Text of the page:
Home Climate change Going, Going, GONE: The Disappearing Rationale For The Atlantic Coast Pipeline

Going, Going, GONE: The Disappearing Rationale For The Atlantic Coast Pipeline

1
A project whose time has passed (even as it should never have been)

The Atlantic Coast Pipeline (ACP) is supposedly designed to bring fracked natural gas to theoretical markets in Virginia and North Carolina. This environmentally devastating project (from cutting swaths through pristine forests to worsening climate pollution) is, at its core, designed to boost the profitability of its owners profitability — Dominion Energy (48%), Duke Energy (47%), and Southern Company (5%) — on the backs of ratepayers.

While the pipeline is theoretically a private concern, regulated subsidiaries of its owners have contracted for 96% of the pipeline’s projected capacity. Those contracts assure payments (e.g., assure outsized profits) even if the services aren’t ever required.  Ever hear the term “privatize profits, socialize risks?” The ACP is a poster child for the term and the changing situation (increased risks) are making this clearer with every passing day.

Just released by the Institute for Energy Economics and Financial Analysis and Oil Change International, the report The Vanishing Need for the Atlantic Coast Pipeline makes a compelling case that should underpin regulatory decision-making that the ACP is simply not in ratepayer interests and is counter the interests of Virginia and its citizens — if it ever was.

Things have changed since the ACP was originally proposed and then approved.

  • The project’s costs have skyrocketed by at least 30 percent — and could mount even higher.
  • Electricity demand projections used by Dominion and Duke (D&D) electric utility subsidiaries (68% of total capacity) to justify the contracts are not standing up to reality: demand is flat and no serious analyst considers those D&D assertions about future (phantom) growth defensible.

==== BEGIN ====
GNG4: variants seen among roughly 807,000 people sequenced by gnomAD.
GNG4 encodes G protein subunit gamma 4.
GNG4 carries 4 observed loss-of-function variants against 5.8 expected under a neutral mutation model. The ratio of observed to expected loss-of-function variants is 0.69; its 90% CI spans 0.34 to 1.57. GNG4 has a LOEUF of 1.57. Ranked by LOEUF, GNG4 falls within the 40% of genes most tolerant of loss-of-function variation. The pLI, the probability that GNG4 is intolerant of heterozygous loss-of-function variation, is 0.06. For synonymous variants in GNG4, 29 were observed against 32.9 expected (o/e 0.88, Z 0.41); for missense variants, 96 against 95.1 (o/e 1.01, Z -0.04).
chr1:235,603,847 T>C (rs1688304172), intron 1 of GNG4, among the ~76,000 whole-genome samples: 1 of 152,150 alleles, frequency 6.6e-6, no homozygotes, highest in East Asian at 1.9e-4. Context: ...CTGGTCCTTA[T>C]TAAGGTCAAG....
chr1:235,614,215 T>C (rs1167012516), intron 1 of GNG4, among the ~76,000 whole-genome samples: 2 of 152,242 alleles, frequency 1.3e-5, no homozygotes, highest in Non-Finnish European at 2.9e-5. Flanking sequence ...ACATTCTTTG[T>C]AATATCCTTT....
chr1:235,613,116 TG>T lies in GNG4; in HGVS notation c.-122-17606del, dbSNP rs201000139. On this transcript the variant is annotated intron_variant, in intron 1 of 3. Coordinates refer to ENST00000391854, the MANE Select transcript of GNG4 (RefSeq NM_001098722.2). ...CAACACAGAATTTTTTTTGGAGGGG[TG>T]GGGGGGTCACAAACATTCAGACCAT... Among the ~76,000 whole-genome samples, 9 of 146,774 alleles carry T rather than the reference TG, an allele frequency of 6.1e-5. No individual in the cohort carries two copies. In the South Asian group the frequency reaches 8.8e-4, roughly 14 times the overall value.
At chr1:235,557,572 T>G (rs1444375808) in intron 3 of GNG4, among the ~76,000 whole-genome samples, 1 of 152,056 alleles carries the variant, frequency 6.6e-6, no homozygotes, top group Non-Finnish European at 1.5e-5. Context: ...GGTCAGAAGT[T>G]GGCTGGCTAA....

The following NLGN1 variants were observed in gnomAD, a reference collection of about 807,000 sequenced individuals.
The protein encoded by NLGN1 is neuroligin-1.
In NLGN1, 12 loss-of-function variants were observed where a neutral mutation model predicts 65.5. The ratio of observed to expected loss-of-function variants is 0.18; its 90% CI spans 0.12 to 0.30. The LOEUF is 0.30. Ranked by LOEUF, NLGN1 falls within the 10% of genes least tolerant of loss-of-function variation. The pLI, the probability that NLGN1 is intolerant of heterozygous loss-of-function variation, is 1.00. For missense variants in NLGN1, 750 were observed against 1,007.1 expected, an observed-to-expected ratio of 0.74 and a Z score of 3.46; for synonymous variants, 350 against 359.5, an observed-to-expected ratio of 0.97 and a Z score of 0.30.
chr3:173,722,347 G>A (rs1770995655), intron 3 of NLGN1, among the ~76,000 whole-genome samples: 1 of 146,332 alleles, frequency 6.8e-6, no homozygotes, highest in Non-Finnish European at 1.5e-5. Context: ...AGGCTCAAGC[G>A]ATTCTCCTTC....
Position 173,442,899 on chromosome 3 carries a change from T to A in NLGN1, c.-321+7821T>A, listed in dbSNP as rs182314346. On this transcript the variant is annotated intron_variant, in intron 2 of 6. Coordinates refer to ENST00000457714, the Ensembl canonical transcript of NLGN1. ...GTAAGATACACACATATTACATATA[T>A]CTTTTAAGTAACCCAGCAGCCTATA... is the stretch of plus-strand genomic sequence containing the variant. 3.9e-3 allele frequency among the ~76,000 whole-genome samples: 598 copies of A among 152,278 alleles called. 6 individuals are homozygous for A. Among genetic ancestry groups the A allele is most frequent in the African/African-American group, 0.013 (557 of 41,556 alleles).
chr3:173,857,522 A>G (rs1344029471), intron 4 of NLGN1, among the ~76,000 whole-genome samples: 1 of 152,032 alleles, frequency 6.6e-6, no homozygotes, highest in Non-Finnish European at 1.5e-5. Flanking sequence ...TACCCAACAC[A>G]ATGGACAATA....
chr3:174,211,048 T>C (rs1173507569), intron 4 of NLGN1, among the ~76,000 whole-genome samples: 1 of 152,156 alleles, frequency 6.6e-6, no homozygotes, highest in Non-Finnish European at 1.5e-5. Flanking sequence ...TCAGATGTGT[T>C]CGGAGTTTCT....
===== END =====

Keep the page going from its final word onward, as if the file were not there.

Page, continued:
• In fact, neither do these utilities. Dominion Virginia Power now projects 2033 natural gas use at 2019 levels.
    • “For the first time ever, the Virginia State Corporation Commission rejected Dominion’s Integrated Resource Plan in 2018. Among other issues, the Commission noted its “considerable doubt regarding the accuracy and reasonableness of the Company’s load forecast.” The Commission cited the inaccuracy of Dominion’s forecasts in the recent past, as well as the fact that PJM – the regional transmission organization – forecasts load growth for Dominion’s region of only 0.9% per year, compared to Dominion’s forecast growth of 1.4% per year.”
    • “Dominion has consistently predicted growing electricity demand, while actual electricity demand has remained essentially flat since 2007.”
Dominion Power VA consistently projects demand that doesn’t arrive … that demand was used to justify contracts reliant on the destructive ACP
  • Renewable energy (and storage) prices have plummeted (and continue to plummet), making it clearer that new natural gas electricity plants will have a hard time competing against clean energy options.
    • With the emergent potential that Virginia will start to develop and exploit the Commonwealth’s virtually unlimited offshore wind resources at prices below what new natural gas projects can provide.
    • “Recent analyses of the Levelized Cost of Electricity (LCOE) for a range of generation technologies shows utility-scale wind and solar already competitive with gas in many markets,” said Lorne Stockman, Senior Research Analyst at Oil Change International and co-author of the report. “As renewable technologies and storage continue to decline in price, it increases the risk that natural gas plants planned for construction in the late 2020s will never materialize.”

Any objective read of The Vanishing Need for the Atlantic Coast Pipeline makes clear that, even putting aside its environmentally catastrophic implications, the case that this project is in Virginia utility ratepayer and Virginia citizens’ interest has withered away … if it ever even existed.